CSC 304 - Syllabus

The City College of New York • Grove School of Engineering • Computer Science Department • Course Syllabus

Course number

CSc 30400

Course name

Theoretical Computer Science

Credits & hours

3 cr., 3 hr.

Course coordinator

Prof. Stephen Lucci

 

Textbook, title, author, and year

  • One of Introduction to the Theory of Computation, 3rd Ed, Michael Sipser, 2012, Elements of the Theory of Computation 2nd Ed, Lewis and Papadimitriou, 2007, and Introduction to Automata Theory, Languages and Computation 3rd Ed, Hopcroft and Motwani, 2006
  • Other supplemental materials: additional matierials provided in class

Specific course information

  • Finite state automata, pushdown automata, Turing Machines, and the languages they can recognize. Church's Thesis. Computability. The classes P and NP; NP-complete problems and intractable problems.
  • Prereq.: CSc 10400 and CSc 22000
  • Required course

Specific goals for the course and Relationship to student outcomes

 

1

2

3

4

5

6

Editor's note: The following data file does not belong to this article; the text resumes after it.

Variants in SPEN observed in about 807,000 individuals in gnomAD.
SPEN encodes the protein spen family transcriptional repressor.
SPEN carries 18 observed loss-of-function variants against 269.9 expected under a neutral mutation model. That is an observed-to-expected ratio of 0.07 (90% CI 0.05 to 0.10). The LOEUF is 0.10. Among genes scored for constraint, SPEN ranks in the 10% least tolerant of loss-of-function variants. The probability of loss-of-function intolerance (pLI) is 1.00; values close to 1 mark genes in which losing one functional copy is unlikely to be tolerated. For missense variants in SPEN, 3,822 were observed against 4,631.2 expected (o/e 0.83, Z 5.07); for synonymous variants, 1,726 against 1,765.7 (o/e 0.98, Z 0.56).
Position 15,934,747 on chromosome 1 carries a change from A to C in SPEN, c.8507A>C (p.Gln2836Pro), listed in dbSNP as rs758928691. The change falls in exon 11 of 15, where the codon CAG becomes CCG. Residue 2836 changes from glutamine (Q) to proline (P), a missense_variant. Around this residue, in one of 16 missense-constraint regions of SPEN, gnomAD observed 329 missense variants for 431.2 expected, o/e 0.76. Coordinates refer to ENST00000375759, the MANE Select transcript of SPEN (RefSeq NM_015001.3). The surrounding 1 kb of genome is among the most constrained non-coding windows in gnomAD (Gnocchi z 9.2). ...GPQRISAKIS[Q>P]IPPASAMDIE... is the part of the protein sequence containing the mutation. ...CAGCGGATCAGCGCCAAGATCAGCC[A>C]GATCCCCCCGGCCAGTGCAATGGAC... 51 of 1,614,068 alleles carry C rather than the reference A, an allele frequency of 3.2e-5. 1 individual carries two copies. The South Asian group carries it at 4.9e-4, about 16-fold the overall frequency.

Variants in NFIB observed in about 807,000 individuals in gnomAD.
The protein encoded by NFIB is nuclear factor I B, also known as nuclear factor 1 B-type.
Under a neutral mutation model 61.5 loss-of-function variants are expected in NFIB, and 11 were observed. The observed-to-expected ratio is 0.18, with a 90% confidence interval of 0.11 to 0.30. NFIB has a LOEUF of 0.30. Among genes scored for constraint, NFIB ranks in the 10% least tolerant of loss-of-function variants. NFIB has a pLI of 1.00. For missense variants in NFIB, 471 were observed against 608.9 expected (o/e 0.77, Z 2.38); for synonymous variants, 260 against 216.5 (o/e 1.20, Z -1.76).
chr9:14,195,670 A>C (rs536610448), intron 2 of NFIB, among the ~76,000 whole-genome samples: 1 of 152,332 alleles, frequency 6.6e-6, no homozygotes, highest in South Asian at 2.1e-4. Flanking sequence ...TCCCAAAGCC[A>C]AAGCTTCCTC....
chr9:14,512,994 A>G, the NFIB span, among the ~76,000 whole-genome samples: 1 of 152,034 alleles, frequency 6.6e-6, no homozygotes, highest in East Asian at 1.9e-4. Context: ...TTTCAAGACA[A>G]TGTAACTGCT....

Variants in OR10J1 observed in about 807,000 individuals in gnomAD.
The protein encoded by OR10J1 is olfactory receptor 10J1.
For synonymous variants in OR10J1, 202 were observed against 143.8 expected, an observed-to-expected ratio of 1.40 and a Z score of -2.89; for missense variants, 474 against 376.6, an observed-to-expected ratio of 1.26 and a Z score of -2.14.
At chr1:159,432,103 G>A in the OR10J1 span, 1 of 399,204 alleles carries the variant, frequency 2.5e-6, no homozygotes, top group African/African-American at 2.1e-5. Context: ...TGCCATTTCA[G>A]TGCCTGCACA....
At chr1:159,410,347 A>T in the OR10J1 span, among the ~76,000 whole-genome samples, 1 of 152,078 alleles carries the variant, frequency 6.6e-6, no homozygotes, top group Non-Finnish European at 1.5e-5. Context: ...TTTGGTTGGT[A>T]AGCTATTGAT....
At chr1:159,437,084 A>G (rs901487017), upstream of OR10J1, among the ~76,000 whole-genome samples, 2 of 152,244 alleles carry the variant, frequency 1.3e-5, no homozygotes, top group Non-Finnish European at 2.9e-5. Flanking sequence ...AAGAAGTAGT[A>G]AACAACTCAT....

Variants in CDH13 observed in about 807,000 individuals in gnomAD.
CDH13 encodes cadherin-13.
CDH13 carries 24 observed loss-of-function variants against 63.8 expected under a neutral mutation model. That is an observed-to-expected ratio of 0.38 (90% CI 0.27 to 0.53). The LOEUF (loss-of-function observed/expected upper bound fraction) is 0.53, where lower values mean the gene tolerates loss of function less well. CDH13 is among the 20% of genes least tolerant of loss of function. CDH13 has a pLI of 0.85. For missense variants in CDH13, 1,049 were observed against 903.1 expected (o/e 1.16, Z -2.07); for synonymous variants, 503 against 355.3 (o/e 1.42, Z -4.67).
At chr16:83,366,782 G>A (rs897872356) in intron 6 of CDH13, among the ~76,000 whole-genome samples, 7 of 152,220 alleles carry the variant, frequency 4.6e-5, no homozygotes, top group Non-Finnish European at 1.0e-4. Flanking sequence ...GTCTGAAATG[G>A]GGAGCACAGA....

a. the student acquires knowledge of finite automata, pushdown automata and Turing machines

P

     

b. the student acquires an understanding of regular, context free and recursive languages

P

     

c. the student acquires knowledge of Church's Thesis and Unsolvability

P

     

d. the student acquires knowledge of P and NP, of NP complete problems and intractable problems

P

     

I - introductory-level; R - reinforced-level; P - program-level

Brief list of topics to be covered

Seq.

Topics

1

Mathematical notions and terminology - brief review

2

Types of proofs

3

Regular languages - finite automata, nondeterminism, regular expressions, non-regular languages (pumping lemma)

4

Context-free languages - context-free grammars (including ambiguity and Chomsky normal form), pushdown automata, non-context-free languages (pumping lemma)

5

Computability theory - Turing machines (including the Church-Turing thesis)

6

Decidability - decidable languages, undecidability (diagonalization)

7

Complexity theory - reducibility, P, NP, NP-completeness (several examples, including the vertex cover, Hamiltonian path, and subset sum problems

8

Cook-Levin theorem usually remains just beyond the reach of the semester